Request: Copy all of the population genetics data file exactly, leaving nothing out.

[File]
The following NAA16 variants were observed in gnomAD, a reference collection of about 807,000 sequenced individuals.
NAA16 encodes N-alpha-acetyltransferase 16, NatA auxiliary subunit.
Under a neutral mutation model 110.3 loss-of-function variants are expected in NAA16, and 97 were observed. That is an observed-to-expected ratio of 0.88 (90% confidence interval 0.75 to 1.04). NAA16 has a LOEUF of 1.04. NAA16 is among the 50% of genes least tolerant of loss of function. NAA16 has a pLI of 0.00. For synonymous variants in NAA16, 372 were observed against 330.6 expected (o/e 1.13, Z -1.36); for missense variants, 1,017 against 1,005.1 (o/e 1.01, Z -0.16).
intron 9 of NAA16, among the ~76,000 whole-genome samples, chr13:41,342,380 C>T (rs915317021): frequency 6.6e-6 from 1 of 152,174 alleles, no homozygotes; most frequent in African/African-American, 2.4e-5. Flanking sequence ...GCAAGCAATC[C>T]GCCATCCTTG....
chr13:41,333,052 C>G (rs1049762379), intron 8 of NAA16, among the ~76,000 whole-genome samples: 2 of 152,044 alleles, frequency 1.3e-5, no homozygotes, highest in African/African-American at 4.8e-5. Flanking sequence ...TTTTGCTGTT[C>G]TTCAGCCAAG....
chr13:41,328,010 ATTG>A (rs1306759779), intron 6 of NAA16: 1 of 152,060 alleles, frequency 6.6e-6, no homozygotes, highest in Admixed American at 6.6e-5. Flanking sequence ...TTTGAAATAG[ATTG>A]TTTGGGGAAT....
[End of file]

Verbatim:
The following NAA16 variants were observed in gnomAD, a reference collection of about 807,000 sequenced individuals.
NAA16 encodes N-alpha-acetyltransferase 16, NatA auxiliary subunit.
Under a neutral mutation model 110.3 loss-of-function variants are expected in NAA16, and 97 were observed. That is an observed-to-expected ratio of 0.88 (90% confidence interval 0.75 to 1.04). NAA16 has a LOEUF of 1.04. NAA16 is among the 50% of genes least tolerant of loss of function. NAA16 has a pLI of 0.00. For synonymous variants in NAA16, 372 were observed against 330.6 expected (o/e 1.13, Z -1.36); for missense variants, 1,017 against 1,005.1 (o/e 1.01, Z -0.16).
intron 9 of NAA16, among the ~76,000 whole-genome samples, chr13:41,342,380 C>T (rs915317021): frequency 6.6e-6 from 1 of 152,174 alleles, no homozygotes; most frequent in African/African-American, 2.4e-5. Flanking sequence ...GCAAGCAATC[C>T]GCCATCCTTG....
chr13:41,333,052 C>G (rs1049762379), intron 8 of NAA16, among the ~76,000 whole-genome samples: 2 of 152,044 alleles, frequency 1.3e-5, no homozygotes, highest in African/African-American at 4.8e-5. Flanking sequence ...TTTTGCTGTT[C>G]TTCAGCCAAG....
chr13:41,328,010 ATTG>A (rs1306759779), intron 6 of NAA16: 1 of 152,060 alleles, frequency 6.6e-6, no homozygotes, highest in Admixed American at 6.6e-5. Flanking sequence ...TTTGAAATAG[ATTG>A]TTTGGGGAAT....